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Travis County's New Online Initiative Could Be Your Road Map to Shorter Voting Lines

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Miguel Gutierrez Jr.
Voters wait in line at the Fiesta Mart on 38th Street in Austin on March 1, 2016.

Travis County election officials are introducing a new interactive map that may help voters find the shortest lines at the election polling places in this fall. 

In the past couple elections, voters have typically tweeted out alerts about where the longer lines were and where there were short lines.  That's been a big help to Travis County Twitter users, but not so much for everyone else.

This election should be different.

Travis County officials are piloting an an interactive map that will tell voters about conditions at polling places, using a simple red, yellow and green light system. Green will mean lines are short; red that they’re really long.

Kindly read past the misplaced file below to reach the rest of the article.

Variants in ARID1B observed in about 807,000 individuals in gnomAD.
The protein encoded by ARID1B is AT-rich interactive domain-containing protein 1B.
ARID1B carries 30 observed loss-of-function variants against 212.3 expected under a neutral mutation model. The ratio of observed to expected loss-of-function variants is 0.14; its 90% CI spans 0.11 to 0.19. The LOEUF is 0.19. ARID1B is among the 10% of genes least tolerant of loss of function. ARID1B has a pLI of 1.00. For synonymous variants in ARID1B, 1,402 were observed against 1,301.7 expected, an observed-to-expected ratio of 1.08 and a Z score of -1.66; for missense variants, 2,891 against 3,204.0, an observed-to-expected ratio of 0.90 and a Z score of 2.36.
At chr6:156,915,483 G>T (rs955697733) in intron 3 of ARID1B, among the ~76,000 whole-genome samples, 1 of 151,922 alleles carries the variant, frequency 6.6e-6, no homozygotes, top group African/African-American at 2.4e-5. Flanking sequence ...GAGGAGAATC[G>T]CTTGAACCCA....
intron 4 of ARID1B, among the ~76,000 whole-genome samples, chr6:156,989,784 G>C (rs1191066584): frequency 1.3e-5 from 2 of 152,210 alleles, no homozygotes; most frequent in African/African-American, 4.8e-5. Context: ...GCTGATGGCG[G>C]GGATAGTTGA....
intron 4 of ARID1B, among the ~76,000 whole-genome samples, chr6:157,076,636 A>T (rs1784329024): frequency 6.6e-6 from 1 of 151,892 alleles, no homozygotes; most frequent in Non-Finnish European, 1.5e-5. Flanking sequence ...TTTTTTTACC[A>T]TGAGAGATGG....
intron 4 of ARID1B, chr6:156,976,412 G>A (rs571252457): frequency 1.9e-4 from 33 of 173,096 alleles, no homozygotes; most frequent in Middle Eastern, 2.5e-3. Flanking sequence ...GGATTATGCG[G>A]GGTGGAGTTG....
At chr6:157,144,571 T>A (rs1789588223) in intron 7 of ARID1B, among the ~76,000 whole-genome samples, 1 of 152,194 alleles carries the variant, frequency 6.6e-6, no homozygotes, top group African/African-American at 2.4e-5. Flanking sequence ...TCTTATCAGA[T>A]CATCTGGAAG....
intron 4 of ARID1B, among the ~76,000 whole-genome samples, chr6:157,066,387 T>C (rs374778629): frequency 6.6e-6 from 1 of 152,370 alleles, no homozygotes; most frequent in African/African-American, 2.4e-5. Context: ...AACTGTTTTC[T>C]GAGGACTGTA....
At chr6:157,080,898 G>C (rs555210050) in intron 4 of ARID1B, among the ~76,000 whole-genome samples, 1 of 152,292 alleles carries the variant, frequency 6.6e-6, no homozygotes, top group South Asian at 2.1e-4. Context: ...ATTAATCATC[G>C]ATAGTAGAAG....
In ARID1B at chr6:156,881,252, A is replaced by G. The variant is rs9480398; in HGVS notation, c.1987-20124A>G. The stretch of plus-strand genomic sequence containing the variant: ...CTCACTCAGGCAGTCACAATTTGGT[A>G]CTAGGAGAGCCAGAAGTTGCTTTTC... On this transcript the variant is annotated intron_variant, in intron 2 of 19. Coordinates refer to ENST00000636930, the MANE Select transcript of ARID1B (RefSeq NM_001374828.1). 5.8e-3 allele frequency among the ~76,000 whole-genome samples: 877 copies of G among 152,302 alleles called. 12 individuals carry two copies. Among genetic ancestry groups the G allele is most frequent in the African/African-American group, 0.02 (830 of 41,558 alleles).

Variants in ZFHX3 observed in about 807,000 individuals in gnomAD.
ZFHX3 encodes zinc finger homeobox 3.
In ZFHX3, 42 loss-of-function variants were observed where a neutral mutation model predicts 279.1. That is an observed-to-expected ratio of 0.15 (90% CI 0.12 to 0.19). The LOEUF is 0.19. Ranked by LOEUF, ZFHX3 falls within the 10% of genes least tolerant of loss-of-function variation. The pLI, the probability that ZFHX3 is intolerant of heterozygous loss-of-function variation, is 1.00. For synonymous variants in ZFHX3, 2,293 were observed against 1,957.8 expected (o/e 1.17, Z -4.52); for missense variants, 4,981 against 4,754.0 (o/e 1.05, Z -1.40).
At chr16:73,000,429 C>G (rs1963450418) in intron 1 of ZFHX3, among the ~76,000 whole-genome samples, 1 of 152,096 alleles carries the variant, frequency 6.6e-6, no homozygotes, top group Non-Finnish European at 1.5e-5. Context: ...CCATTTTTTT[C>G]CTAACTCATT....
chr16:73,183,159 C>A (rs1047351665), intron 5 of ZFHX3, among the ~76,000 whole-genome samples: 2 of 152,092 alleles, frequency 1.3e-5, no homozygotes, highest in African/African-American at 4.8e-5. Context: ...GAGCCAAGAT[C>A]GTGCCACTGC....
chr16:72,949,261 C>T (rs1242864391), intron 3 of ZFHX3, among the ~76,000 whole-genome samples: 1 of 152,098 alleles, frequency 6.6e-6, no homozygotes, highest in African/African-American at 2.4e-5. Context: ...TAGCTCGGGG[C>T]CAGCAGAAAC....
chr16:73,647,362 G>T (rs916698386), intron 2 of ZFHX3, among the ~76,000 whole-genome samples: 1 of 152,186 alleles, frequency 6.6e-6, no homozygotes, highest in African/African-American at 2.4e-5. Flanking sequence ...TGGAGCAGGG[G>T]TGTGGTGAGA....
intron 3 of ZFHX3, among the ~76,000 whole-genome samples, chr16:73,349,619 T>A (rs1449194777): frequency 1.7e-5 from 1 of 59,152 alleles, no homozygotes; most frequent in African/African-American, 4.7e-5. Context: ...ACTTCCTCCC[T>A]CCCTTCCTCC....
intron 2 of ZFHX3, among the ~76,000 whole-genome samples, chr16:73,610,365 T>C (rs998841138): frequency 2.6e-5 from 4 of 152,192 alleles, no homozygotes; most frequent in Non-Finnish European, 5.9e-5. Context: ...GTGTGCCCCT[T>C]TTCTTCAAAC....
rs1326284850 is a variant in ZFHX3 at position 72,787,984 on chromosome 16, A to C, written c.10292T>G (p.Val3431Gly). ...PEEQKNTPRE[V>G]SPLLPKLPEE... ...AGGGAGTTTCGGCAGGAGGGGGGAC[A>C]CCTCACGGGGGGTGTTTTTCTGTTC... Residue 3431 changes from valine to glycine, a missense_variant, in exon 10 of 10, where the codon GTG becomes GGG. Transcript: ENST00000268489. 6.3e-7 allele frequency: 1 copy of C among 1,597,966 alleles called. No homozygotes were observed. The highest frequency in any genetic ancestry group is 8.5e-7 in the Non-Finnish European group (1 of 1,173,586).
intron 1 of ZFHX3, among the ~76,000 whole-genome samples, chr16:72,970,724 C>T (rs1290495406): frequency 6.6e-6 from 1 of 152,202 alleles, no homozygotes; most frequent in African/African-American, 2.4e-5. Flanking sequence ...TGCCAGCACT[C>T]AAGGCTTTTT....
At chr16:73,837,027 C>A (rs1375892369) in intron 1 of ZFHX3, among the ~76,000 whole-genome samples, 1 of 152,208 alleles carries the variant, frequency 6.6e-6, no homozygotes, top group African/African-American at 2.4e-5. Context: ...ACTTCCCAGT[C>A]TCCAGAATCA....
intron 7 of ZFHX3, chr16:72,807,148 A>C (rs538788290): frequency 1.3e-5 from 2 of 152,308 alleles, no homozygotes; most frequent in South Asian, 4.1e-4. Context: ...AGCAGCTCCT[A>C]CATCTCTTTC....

"That will move voters around and allow them to use their time more efficiently," said Travis County Tax Assessor Bruce Elfant. "You go to one polling place and there’s an hour and a half wait. You’re thinking, ‘Oh, my God, I’m just stuck here.’ But there may be 15 minutes away another polling place that doesn’t have much of a wait.” 

Gretchen Nagy, the county’s voter registration director, has been working with her office’s computer mapping staff to develop the map.

“The election judges at the polling locations have computers. The system automatically pops up updates every 30 minutes. A little window pops up that allows them to plug in the number of people in line at their polling locations,” Nagy said.

That means the volunteers working those election tables will stand up, count noses and plug the number into their laptops.

“It will be on the website – on the voter registration site – and there will be a link as well to the election site, since they are in two different departments," Nagy said. "So, we will have the information on both sites.” 

For now, the map will only be available on the web. But, in the future, it could become a mobile app.

The immediate goal: have this first version up and running by the time early voting starts on Oct. 24.

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